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From Paul Davis <>
Subject Re: How fast do CouchDB propagate changes to other nodes?
Date Sun, 19 Dec 2010 00:14:25 GMT
On Sat, Dec 18, 2010 at 4:46 PM, Randall Leeds <> wrote:
> On Sat, Dec 18, 2010 at 04:00, Robert Dionne
> <> wrote:
>> On Dec 17, 2010, at 6:07 PM, Randall Leeds wrote:
>>> keeping cluster information and database metadata up to date around
>>> the cluster, but that information tends to be small and changes
>>> infrequently.
>>> However, to me this sounds like a lot of work for something that might
>>> be better solved using technologies like zeromq, particularly if
>>> logging all messages is optional.
>>> Anyway, I'm happy to talk about all of this further since I think it's
>>> kind of fascinating. I've been thinking a lot recently about how flood
>> I'm curious, is flood replication what the name implies? Broadcasting?
> I'll throw this at dev@, too.
> Yes, broadcasting.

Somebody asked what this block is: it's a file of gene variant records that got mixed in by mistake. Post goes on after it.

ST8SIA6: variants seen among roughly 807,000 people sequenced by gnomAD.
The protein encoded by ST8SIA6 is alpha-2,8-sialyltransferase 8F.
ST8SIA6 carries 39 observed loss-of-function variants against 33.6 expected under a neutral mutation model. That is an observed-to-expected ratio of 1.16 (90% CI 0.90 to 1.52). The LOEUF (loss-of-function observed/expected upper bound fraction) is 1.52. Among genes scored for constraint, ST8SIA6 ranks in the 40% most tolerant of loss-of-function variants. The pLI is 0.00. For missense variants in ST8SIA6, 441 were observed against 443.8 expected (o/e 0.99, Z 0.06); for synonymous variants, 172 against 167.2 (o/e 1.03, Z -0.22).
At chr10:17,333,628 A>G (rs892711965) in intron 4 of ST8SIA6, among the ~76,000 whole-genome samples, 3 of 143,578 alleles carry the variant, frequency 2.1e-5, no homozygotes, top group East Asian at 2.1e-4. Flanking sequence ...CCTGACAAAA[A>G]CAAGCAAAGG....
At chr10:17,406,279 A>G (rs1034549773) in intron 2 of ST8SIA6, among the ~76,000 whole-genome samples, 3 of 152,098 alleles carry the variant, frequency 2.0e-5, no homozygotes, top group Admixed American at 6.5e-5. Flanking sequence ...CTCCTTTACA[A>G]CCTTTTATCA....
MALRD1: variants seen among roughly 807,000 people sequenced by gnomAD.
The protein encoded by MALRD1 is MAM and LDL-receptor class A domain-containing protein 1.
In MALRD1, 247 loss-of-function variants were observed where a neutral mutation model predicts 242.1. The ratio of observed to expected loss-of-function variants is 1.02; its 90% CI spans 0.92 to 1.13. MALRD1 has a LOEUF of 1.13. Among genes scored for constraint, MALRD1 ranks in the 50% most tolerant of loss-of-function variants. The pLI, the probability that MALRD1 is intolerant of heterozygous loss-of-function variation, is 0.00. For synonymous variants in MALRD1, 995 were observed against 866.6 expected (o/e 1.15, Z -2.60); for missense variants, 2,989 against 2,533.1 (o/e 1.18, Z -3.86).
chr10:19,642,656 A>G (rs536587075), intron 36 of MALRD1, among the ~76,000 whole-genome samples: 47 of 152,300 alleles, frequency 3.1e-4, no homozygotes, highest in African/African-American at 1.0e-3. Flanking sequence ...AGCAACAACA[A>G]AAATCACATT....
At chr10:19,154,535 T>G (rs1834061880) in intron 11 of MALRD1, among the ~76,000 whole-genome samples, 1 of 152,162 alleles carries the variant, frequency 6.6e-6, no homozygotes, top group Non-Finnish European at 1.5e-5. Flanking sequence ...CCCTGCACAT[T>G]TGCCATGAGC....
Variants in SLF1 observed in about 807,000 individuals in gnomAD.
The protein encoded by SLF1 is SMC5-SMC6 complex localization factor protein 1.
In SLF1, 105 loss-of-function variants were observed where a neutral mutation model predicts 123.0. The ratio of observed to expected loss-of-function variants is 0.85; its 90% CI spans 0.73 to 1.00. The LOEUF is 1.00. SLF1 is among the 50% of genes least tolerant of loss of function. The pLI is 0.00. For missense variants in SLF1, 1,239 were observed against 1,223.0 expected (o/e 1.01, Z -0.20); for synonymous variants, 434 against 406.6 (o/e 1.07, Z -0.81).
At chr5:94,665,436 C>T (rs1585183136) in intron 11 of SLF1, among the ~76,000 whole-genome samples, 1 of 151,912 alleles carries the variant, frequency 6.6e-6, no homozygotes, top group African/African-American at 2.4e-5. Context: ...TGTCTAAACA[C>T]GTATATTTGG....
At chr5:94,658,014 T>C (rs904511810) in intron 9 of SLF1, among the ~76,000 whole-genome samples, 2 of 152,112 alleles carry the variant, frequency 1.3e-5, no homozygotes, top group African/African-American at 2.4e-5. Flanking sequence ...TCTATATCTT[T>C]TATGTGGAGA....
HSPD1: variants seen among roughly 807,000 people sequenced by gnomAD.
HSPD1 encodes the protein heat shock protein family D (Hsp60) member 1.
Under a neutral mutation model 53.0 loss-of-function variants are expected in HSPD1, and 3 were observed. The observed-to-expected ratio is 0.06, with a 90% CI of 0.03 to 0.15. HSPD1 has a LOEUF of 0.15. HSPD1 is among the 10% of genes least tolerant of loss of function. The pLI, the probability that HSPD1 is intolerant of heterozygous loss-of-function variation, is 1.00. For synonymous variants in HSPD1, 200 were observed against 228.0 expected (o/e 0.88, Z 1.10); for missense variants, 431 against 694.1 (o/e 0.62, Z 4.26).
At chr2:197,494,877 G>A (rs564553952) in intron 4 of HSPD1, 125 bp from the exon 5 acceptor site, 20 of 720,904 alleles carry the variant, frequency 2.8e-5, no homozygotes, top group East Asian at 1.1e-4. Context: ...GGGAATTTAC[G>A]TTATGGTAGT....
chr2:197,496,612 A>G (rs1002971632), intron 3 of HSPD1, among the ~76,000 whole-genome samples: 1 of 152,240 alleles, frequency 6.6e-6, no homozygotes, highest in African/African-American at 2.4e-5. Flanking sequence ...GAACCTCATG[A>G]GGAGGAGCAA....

> I've been thinking about alternative checkpoint schemes that take the
> source and destination host out of the equation and figure out some
> other way to verify common history. I imagine it's going to have to
> involve a hash tree.
> With the ability to resolve common history without having *directly*
> exchanged checkpoints, hosts could receive incremental update batches
> from different hosts if the replication graph changes over time.
> Anyway, it's just a little infant of a thought, but I think it's a
> good one to have in our collective conscious.
> Randall

Random off the top of my head response:

I don't see anything immediately following from what you describe.
Even if you had a way of saying "I already have this revision" there's
no real way to figure out where to start once you get rid of the
src/dst/seq triplet (that I can think of).

Though an interesting observation is that replication never really
delete's anything in a history. As a quick optimization that could
lead to where you're wanting to go, you may check out storing a bloom
filter for the database that stores a hash of the docid/rev pair for
all incoming edits. Then the replicator could use that to speedup
replication when its already got edits from the source db.

Assuming you update that filter in real time and can update in
progress replications, you should be able to get interesting patterns
of edits moving through a cluster.

Or something to that effect.


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